I have never been much of a sports fan. Fair to say, in fact, that I’ve been generally disdainful of sports fans throughout my life. Whether it was football, basketball, baseball or just about any other professional sport, I just never got it and never cared.
Now I do — and I have to admit I am ashamed of my past narrow-mindedness. What changed me? It’s simple: the Wizards.
I haven’t just jumped on the bandwagon because the team is now winning. My conversion came more than a year ago, when the Wizards were still losing. It was about persevering through losses. About the power of a shared experience. About believing in something. And about finding new ways to have fun 22 years into your marriage.
I grew up in Washington, but the city’s impressive basketball and football highlights of the ‘70s and ‘80s never flickered on my radar. My parents took my sister and me to plenty of theater, ballet and museum exhibits, but nary a sporting event.
My own childhood participation in sports, meanwhile, could be summed up by a few unremarkable tennis lessons and a little bit of high school lacrosse, which I’m pretty sure fulfilled some sort of requirement. What I most remember about lacrosse was that I was a little better than I expected to be, but I was too cold to care.
I naturally married man who neither played golf nor watched professional sports on Sunday afternoons – but he did watch any college basketball game that featured his alma mater, Villanova, and he followed the contests during March madness. I couldn’t get into it; I mostly just felt sorry for whatever team was losing. Seeing those poor kids welling with sadness after losing at the buzzer or some other drama was just too heartbreaking.
This drove my husband nuts.
A few years ago, when the Washington Capitals started catching fire, Jim began watching the hockey games, too, especially with our older daughter.
He took me to a game once.
“Wait—what just happened? Where’s the puck?”
He never took me again.
I have always heartily endorsed my own kids’ participation in sports, which is so obviously good for them: the exercise, the discipline, the friendship, the self control and the responsibility, among other things. But professional sports? It seemed primarily about making the athletes and team owners rich.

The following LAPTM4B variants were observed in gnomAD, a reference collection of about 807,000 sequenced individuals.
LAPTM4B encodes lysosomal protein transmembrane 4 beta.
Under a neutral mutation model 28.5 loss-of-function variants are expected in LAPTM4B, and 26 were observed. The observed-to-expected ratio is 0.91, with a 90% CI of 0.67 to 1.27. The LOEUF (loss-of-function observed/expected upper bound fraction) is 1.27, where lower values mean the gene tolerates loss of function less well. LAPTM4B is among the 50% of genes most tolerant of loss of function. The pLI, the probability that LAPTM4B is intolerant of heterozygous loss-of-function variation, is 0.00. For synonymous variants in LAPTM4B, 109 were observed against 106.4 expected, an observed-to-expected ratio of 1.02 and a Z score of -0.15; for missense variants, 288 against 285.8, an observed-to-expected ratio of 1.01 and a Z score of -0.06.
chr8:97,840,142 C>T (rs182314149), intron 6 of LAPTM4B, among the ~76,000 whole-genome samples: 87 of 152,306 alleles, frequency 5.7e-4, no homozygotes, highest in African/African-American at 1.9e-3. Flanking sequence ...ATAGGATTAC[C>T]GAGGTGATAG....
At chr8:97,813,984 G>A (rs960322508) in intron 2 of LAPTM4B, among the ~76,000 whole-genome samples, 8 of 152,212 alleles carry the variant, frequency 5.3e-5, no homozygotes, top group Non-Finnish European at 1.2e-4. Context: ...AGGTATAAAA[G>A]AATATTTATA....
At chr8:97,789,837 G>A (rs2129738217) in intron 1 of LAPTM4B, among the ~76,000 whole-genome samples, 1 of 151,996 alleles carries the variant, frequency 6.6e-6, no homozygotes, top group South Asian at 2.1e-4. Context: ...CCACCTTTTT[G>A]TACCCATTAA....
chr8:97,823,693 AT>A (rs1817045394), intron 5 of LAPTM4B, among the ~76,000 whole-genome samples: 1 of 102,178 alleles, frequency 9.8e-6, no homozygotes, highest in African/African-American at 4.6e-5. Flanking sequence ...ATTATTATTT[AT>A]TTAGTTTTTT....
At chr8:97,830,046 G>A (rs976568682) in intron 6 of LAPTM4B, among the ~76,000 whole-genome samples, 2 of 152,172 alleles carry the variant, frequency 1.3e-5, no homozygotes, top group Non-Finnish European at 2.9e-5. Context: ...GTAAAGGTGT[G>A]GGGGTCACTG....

Two years ago, though, Jim decided to get season tickets to the Capitals for his law firm; it would be a great benefit for staff and clients, he explained. But Ted Leonsis’ Monumental Sports and Entertainment, in a feat of its own marketing genius, had reserved the few remaining season tickets to the Caps for those who also purchased season tickets to the Washington Wizards for one year. Yes, those Wizards, of guns in the locker room and a 20-46 record. The team was so bad it seemed they had to extort people into going to the games.
But Jim signed up for both. When the first half of the 2012-2013 hockey season was canceled in a lockout, he was left with … Wizards tickets.
The first home game fell on a Saturday night and Jim and I went together, unsure what to expect. The Wizards got creamed. Nene and John Wall were both out with injuries, not that I knew the difference. Trevor Ariza had zero points. Bradley Beal – so amazing in the post-season this year – had two points. Two.
But I found that basketball has two great advantages to a sports novice: the action almost never stops and it’s pretty easy to tell what’s going on. The ball either goes in the basket or it doesn’t. In person, especially, the game’s acrobatics and athleticism just draw you in. When players make shots that seem to defy the laws of physics, it’s a plus.
The added, almost unexpected benefit of this trip to the Verizon Center, and many more after that, was that I was out alone —amidst 17,000 fans —with my husband, something we haven’t done as much as we’d like in the past few years. I have loved getting to know the friendly usher in our section, high-fiving the older gentleman who sits right behind us, watching women decked out in 4-inch heels trying to negotiate the stadium steps (really?), trying to out-scream the fans of visiting teams, watching families with young kids enjoy a night out and texting game updates to my daughter.
The Wizards lost repeatedly in the beginning of that season, but somewhere along the way I stopped feeling sorry for them when they lost. Increasingly, I just felt excited, because it really looked like they were on the verge of winning. They almost had so many games, only to lose in the final seconds. It was enough to drive you crazy, but I was struck how the players supported each other, then came back and tried harder. Each frustrating loss seemed to make them better, more cohesive. You couldn’t help but admire them (while eating popcorn and drinking a Stella).
I began reading the sports page the day after games because it helped me learn, and it felt good to know that someone cared when no one else in D.C. seemed to.
When Wall and Nene returned, and the Wizards finally started to win at the end of last season, I was so happy for them I could scream. And I did. The more they won, the more I found I wasn’t just happy for them; I was happy.
“This team will make the playoffs next year,” my husband predicted, after a 29-53 season. People scoffed. But here we are, not just in the playoffs, but strong in the second round.
This season has been thrilling, and not just because they’re winning. I’m invested now. Even when the Wizards lose games they should win, I don’t give up on them. Instead, I eagerly watch each successive game, at home or in person, with that special kind of devotion that can only be found in sports fans – just like me.